Automated testing plays an important role in Code's on-going quality assurance strategy; together with other test approaches and techniques we use, it ultimately helps us deliver great quality work for our clients.
What is cross-platform automated testing?
Basically, its software that allows you to test how other software is functioning.
In our case, we write tests that are able to directly imitate the user's journey, driving the control of web browsers or mobile devices themselves to automatically check that the application is working properly. Once the series of tests for a particular project is in place, these can be re-used to test the software each time any changes or tweaks are made to the code.
This is a much more efficient alternative to having to repeatedly check everything manually; there's less room for error, and it allows you to get feedback on the current functional state of an application in a matter of minutes.
Why is it important?
A solid test automation strategy has always been a critical part of the software development process. But, with most applications now spanning a number of different platforms, it's never been more important.
Whether you're testing a large-scale web app across various different desktop and mobile browsers, or native iOS and Android apps on lots of different devices, a full suite of automated tests will quickly flag any back-end issues or bugs so that they can be fixed ASAP.
How do we do it?
As part of Code's agile development process, we prefer to apply a behaviour-driven approach --that is, one that reflects the behaviour of the end user -- to automated testing, and use proven tools like Cucumber to support this.
Our tests are run automatically whenever deployments are made, providing us with immediate feedback, including full HTML reports with embedded screenshots and video, so we can quickly determine whether everything's working as intended.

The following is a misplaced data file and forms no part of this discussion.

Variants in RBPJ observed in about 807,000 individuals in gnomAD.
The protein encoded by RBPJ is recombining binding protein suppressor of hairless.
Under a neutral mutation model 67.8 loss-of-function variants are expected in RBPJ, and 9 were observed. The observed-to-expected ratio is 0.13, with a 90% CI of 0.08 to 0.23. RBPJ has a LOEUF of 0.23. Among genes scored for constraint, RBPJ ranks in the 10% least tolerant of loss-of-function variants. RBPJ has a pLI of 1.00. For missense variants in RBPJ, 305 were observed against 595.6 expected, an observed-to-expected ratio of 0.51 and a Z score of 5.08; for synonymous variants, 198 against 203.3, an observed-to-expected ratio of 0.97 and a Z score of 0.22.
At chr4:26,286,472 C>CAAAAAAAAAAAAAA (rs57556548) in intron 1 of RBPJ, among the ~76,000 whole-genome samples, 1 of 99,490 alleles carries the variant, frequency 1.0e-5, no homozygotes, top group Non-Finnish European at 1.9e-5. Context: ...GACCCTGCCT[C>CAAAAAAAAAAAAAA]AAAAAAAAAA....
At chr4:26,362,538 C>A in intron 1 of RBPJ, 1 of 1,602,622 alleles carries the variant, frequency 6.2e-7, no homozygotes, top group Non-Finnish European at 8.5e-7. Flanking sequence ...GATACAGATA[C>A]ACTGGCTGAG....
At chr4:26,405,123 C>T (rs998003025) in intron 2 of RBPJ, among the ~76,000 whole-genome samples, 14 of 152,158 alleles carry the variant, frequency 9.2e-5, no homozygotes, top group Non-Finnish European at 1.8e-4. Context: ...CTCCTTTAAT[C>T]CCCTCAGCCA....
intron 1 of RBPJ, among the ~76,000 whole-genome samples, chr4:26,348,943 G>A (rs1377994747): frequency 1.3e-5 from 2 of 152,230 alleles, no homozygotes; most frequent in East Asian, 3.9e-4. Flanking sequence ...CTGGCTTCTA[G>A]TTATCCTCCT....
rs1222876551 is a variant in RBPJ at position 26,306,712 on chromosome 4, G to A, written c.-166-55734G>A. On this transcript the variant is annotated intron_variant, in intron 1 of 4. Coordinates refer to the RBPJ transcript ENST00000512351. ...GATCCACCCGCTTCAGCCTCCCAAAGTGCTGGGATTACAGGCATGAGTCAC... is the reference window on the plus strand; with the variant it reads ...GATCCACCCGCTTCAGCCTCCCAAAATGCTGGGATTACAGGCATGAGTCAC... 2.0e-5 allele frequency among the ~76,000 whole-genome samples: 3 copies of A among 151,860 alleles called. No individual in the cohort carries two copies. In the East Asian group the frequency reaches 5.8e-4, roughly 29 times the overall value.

Crucially, the features and scenarios being tested and any resulting requirements are captured as plain English -- rather than in code -- so that the process and results are easy for anyone (and not just us tech heads) to track.
With full test coverage against every browser and device combination imaginable, once we've successfully run our tests, we can be 100% confident that the new software is going to work perfectly, however and wherever a user chooses to access it.
Why do we do it like this?
Applying a behaviour-driven approach allows us to focus on the user story/journey, working collaboratively to specify the requirements and drive the testing. All the different frameworks and tools necessary to run automated tests across the different platforms that Code supports are accessible through the same common language.
The plain text features/scenarios that get fed in at the start are the same as the rich reports that we generate at the end, keeping the whole test process consistent and transparent
regardless of whether we're testing an iPhone app, a responsive website or a user journey that spans both.
Everybody in the team - including the client - can see what's being tested and where any potential issues are (rather than the process just being lost in a load of test code somewhere); this is critical in maintaining Code's truly cross-platform agile test process.
This video shows automated testing in action as we check the 'signing up to job alerts' functionality on the Code website:
We choose the appropriate tools for the job depending on the project, but here are some of our favourites:
Cucumber - both Ruby and JVM flavours
Cloud-based device labs like AppThwack.